This weekend I’ve been participating in a french game jam and I made a game called Avion in 48 Hours!
You can play it HERE!
At first, we hesitated between a 2D stickman ragdoll action game and a flying game, we went for the latter but we wanted to have the ragdoll feel in it too. The game we wanted to emulate the feel the most is a very old flash arcade game called “Ragdoll Avalanche“.
So the concept of the game was born, a flying game where you can control the plane with ragdoll control and you can lose parts of it and still fly.
Here is an early concept of what I wanted to make:
You have to control one of the 3 boxes on the plane (representing the lives of the player) and steer the plane in the right direction to avoid large rocks.
The early production
Between 0 and 24 hours in, I did all the main game loop scripts, including the fly mechanic, the procedural pattern generator, and the player control.
For the fly mechanics, I didn’t know if I should move the plane or move only the environment around the player but I went for translating the player forward.
Then, we copy the plane velocity to the box player’s rigid body.
The tricky part was to reset the world position of the plane transform so you don’t get weird lighting at extreme distances.
The procedural pattern generator is a simple instantiation of prefab depending on world distance. The waterplane is the grid.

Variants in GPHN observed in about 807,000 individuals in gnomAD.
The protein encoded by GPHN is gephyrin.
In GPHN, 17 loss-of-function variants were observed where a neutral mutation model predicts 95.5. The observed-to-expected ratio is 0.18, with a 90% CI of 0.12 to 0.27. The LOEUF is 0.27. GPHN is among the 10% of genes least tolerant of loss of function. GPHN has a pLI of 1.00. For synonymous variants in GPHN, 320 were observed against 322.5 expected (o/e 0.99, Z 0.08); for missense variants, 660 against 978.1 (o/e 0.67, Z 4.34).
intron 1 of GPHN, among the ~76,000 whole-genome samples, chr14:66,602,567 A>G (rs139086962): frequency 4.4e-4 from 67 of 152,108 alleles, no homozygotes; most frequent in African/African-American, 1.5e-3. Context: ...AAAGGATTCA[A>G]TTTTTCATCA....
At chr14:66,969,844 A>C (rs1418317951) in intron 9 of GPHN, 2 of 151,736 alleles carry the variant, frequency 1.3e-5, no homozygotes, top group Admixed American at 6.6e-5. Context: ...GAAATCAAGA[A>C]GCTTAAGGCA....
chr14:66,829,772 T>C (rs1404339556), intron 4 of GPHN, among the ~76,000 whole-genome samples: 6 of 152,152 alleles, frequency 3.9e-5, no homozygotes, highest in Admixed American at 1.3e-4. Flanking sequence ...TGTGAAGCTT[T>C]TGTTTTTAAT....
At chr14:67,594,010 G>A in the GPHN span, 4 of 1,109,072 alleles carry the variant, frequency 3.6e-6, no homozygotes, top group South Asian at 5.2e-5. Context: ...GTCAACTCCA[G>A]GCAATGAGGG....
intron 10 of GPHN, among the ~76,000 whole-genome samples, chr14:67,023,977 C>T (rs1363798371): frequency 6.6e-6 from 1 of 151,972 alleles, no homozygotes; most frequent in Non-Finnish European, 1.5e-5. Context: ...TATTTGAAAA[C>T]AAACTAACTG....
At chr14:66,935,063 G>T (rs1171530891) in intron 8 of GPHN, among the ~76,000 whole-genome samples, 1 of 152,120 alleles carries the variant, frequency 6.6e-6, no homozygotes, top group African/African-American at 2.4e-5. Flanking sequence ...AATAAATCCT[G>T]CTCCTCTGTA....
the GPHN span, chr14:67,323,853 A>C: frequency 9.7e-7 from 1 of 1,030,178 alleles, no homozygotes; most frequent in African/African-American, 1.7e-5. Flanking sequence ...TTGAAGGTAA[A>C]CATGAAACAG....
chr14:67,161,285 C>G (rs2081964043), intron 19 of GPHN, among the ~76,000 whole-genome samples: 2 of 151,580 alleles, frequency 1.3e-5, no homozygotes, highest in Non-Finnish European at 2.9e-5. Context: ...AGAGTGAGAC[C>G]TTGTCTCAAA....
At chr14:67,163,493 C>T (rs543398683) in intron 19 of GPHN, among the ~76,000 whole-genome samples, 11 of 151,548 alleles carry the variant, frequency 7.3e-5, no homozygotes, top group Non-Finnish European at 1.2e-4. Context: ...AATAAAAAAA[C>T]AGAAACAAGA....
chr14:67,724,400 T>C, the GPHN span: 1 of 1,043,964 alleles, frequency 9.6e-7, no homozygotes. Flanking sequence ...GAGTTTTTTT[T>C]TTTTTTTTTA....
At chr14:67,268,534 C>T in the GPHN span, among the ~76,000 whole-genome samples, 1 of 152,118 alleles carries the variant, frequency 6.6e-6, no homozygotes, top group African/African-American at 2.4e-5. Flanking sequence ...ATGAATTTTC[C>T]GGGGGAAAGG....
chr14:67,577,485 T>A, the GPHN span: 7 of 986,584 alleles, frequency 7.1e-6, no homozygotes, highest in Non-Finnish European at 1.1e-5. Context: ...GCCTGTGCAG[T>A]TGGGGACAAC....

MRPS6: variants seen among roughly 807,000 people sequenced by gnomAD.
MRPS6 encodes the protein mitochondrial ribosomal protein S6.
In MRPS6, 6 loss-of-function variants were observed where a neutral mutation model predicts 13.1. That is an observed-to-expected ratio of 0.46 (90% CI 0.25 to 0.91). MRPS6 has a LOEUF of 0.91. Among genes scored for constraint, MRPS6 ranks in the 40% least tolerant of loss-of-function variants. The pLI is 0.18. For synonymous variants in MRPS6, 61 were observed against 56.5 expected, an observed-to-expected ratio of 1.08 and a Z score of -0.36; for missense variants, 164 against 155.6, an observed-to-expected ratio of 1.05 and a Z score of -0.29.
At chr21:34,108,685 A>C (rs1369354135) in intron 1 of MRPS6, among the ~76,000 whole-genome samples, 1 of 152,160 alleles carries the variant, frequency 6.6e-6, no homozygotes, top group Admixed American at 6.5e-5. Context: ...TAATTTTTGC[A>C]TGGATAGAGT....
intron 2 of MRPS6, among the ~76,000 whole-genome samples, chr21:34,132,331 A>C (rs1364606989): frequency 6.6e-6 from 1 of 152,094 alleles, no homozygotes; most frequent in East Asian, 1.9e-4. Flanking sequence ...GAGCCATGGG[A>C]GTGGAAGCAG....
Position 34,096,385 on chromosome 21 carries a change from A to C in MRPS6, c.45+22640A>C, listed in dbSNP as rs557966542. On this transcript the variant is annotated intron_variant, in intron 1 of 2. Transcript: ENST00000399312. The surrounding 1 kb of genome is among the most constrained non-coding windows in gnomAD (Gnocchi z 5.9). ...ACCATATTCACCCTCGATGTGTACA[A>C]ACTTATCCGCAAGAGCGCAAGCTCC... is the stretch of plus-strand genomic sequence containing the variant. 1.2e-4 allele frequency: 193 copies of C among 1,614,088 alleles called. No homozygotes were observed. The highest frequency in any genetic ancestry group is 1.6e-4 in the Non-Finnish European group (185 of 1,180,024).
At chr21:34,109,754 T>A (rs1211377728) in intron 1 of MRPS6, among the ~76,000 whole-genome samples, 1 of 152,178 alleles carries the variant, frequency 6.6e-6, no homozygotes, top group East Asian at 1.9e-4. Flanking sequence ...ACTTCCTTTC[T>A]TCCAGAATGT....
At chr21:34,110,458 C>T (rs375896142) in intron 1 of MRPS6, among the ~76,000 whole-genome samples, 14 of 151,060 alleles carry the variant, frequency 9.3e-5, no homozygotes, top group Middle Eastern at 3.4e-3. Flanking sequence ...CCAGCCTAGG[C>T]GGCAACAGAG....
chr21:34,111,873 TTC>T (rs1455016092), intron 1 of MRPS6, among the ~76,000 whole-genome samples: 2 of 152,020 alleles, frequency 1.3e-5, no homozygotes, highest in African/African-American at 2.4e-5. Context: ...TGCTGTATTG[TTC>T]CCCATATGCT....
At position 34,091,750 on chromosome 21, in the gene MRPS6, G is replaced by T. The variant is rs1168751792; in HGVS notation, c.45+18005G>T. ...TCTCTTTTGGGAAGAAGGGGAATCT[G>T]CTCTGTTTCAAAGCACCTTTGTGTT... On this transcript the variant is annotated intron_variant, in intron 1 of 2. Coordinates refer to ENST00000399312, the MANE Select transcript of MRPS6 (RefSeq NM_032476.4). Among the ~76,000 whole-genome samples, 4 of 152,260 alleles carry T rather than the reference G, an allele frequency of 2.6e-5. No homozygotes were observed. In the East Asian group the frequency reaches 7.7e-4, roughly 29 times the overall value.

The player controls it just like a regular rotating cube, there is nothing special about it.
You can also see in the tweet that at first, we went for a blocky feel for the environment. But we quickly made the decision to go for an organic feel.
To end the first day I produced a new water geometry shader to make the game feels light and chill. I will make a devlog about that water shader that I will implement in Crumble eventually!
The last day
Having the game loop done and every shader for every asset too was very relaxing for the last stretch. During that time I’ve made a dynamic audio system that lerps the different ambient sound depending on the Y position of the plane.
So you can hear the wind when you’re high and hear the waves when you’re low!
The remaining time was spent building the rock assets, making different patterns that would be challenging for the player but not too much.
I must have spent 10 hours straight solely on refining the physics in Unity to have the best constraints possible and avoid weird behaviors at all costs!
In the end I wanted to have an end goal for the game, and to implement feedback for it inside the game. So I came up with this:
It will display the remaining patterns to go through before ending the game.
It was a really nice experience like all game jams I’ve done before.
I’ve learned new things about physics and experimented a lot on shaders. I’m getting more and more confident with each game jam I participate in and it really is a nice break from the slow development of Crumble.
As always you can help me by wishlisting Crumble on Steam!